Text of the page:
Meanwhile, Bosnian Muslim Special Forces raided Bosnian Serb positions, instigating a Bosnian Serb shelling of Gorazde. This incident was depicted by the Western media in Sarajevo as an example of Bosnian Serb aggression against innocent civilians in Gorazde. Indeed, special attention was paid to the frequent fire aimed at the hospital -- which was also the main Muslim observation and battle management post - to drum up support for Western action against the Serbs. Subsequently, the UN and NATO were asked to launch airstrikes in order to protect the UN troops that had been inserted into Gorazde.

It is also noteworthy that on 9 April the Bosnian Serbs agreed to a UNPROFOR initiative to begin ceasefire negotiations in the Sarajevo airport. The Bosnian Muslims refused to attend this meeting.

On 10 April, Bosnian Serb forces continued to advance slowly, mainly consolidating positions and accomplishing tactical improvements. These forces were also able to complete the capture of a few Bosnian Serb villages on the approaches to Gorazde. The Bosnian Serb forces were now only some 6 kms from Gorazde and were increasing their effort to advance in the direction of Metvici and the ammunition factory.

At this point, the road was opened for the Bosnian Serbs to capture a major Muslim stronghold in Uhotici Brdo, some 700 m from the Drina, a key to the defense of the southern approaches to Gorazde. Subsequently, the Bosnian Serbs destroyed the bridge over the Drina at Sadba, complicating any effort to resupply Gorazde. Another bridge, at Bacci, was damaged by Bosnian Serb artillery and Bosnian Serb Special Forces crossed the Drina to the west bank of the river for the first time on 10 April. All this time the shelling of Gorazde itself continued.

The NATO bombing raids, carried out by US fighters, were conducted on 10 and 11 April against Bosnian Serb positions in the Gorazde area. The UK SAS FACs guiding the strike aircraft were within visual range of the intended objectives and the bombings were clearly aimed at stopping the Bosnian Serb advance on Gorazde. Nevertheless, undaunted, the Bosnian Serbs continued their shelling of Gorazde. Sarajevo used the Bosnian Serb defiance to justify the second raid.

Significantly, even though the airstrikes were officially launched in order to protect the lives of the UNPROFOR personnel in Gorazde, there is some evidence of coordination with, or at the least advance knowledge among the Bosnian Muslim forces that these strikes were coming. For example, Bosnian Serb military intelligence claims that the Muslim forces in Gorazde and Sarajevo were discussing both air raids by radio about four hours before the raids were actually launched. Indeed, Bosnian Muslim Special Forces deployed to advanced positions in the areas to be bombed in order to be ready to exploit the confusion caused to the Serbs by the NATO attacks.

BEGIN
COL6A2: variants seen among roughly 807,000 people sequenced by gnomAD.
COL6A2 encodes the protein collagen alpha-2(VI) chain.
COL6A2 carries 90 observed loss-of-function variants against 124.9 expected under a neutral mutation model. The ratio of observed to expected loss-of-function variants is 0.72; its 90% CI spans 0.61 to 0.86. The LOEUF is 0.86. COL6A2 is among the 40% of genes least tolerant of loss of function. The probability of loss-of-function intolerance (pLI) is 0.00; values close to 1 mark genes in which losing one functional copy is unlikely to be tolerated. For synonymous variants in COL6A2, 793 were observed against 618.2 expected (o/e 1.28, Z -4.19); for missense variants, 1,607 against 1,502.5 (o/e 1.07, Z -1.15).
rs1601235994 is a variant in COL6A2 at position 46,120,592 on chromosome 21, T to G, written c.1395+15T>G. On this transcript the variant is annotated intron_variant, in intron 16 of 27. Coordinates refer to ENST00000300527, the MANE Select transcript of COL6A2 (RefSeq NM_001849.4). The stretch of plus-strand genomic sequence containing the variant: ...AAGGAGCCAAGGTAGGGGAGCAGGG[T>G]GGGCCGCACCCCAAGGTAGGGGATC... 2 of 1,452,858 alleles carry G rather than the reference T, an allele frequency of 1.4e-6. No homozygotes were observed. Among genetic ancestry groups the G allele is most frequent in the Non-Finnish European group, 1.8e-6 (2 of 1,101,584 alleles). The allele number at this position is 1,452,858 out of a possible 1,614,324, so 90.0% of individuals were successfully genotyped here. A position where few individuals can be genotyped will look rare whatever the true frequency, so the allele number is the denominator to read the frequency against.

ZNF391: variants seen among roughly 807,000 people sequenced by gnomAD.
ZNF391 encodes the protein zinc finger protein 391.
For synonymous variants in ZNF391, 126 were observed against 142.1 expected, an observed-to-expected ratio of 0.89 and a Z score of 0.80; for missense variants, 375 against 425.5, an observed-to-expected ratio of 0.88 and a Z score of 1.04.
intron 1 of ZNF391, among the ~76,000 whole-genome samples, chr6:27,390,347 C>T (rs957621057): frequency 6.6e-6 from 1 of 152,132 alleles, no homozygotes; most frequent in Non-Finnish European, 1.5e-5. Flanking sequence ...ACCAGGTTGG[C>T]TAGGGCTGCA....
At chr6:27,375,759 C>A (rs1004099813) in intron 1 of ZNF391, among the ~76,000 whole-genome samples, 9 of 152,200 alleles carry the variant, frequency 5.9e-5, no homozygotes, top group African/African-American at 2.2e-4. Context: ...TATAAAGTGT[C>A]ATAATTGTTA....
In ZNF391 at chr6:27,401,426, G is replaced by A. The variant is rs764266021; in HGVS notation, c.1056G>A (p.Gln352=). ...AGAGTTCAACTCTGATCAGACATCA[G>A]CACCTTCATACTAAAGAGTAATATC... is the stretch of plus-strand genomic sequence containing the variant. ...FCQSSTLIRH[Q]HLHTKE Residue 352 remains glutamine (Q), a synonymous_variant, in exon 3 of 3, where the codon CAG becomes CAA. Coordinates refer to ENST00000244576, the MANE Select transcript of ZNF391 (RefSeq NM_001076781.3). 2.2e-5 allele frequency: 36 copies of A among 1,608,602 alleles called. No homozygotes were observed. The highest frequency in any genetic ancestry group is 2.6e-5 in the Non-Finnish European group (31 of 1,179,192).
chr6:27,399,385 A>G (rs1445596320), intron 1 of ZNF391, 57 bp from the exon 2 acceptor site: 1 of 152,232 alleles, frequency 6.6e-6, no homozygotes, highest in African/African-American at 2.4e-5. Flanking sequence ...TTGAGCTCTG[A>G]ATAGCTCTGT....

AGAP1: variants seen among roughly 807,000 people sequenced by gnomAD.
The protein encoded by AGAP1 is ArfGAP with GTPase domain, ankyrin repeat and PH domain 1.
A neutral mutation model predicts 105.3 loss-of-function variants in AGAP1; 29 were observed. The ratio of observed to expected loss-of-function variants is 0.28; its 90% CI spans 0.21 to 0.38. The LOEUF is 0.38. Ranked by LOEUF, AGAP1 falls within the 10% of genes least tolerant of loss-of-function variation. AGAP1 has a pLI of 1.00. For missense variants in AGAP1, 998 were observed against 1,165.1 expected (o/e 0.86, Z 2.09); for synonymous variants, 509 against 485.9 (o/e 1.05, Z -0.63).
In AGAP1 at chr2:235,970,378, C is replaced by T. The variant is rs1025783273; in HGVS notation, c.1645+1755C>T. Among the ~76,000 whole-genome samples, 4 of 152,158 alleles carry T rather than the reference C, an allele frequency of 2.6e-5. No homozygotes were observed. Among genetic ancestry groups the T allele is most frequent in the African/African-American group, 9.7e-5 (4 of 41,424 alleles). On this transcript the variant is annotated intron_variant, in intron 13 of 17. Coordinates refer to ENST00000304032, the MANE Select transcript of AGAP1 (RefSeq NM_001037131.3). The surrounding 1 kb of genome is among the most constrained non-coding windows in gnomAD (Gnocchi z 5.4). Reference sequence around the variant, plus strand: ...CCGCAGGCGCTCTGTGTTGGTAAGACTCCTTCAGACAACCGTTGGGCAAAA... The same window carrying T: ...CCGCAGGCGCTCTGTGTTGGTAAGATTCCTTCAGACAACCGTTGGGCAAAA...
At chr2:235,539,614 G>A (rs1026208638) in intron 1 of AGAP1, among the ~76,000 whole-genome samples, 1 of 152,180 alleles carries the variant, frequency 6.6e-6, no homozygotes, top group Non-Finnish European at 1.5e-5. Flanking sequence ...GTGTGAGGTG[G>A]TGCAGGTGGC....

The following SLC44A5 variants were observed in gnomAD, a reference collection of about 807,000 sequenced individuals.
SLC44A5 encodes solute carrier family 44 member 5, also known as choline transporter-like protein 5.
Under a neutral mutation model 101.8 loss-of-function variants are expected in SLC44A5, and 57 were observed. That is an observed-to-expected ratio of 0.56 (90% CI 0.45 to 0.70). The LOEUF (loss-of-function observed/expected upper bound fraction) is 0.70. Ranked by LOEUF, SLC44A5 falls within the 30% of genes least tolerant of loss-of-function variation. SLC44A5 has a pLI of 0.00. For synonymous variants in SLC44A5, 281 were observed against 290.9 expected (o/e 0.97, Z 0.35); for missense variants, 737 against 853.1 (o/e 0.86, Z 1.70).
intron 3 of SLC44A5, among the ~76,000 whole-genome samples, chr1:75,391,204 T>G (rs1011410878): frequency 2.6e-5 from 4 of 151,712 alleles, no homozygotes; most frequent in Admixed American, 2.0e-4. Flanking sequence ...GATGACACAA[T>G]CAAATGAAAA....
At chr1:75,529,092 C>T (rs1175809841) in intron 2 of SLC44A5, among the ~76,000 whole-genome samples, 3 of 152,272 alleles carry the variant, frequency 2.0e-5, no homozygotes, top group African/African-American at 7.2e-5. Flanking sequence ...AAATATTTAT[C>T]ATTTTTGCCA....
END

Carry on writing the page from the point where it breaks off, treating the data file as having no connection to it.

It was at this point that UNPROFOR arranged for another ceasefire on 11 April. At first, the Bosnian Serb artillery honored the ceasefire and UNPROFOR acknowledged that the Bosnian Serbs were holding their fire. However, soon afterward, several Muslim raids were finally answered by the Bosnian Serbs. A clash ensued and quickly escalated into a firelight that included the use of artillery and mortars on both sides. Frustrated and defiant, Pale announced that it was no longer recognizing Gorazde as a safe zone and proceeded to order the resumption of fighting and shelling.

Thus, on 12 April, the Bosnian Serbs resumed their pressure on Gorazde. At the same time, the Serb infantry was expediting preparations for a major offensive. Indeed, the movement of fresh forces toward, and the regrouping of, the locally deployed forces suggested preparations for a major thrust into the Gorazde pocket. In response, the Bosnian Muslim forces attempted a localized counterattack southward along the Drina river but were contained by the Bosnian Serbs. The Bosnian Muslims also opened artillery and mortar fire from inside Gorazde. Exchanges of fire ensued and reports of civilian casualties inside Gorazde increased.

Meanwhile, deep raids by Bosnian Serb Special Forces continued increase both in number and in the depth of their penetration major byproduct of these Serb efforts was that Gorazde had to divert several of its own Special Forces to hunt their Bosnian Serb counterparts inside the Muslim held area rather than raid behind the Bosnian Serb lines. The aggregate impact of the continued Bosnian Serb shelling and special operations brought Gorazde near to collapse.

Thus, by 13 April, the fighting near Gorazde had become completely politicized with a fundamental difference between the objectives of UNPROFOR and those of the Bosnian Government becoming manifest. The UN was determined to arrange a ceasefire so that the killing of civilians inside Gorazde would be stopped. By contrast, Sarajevo, with massive support from the US, was adamant on reversing its military defeat -- itself a result of the failure of the Bosnian Muslims' own offensive -- through "diplomatic processes," namely, international pressure on the Bosnian Serbs. Therefore, it was in Sarajevo's own interest to ensure that the ceasefires collapsed as that would increase the pressure on the Serbs to withdraw and on the West to launch military action against the Serbs.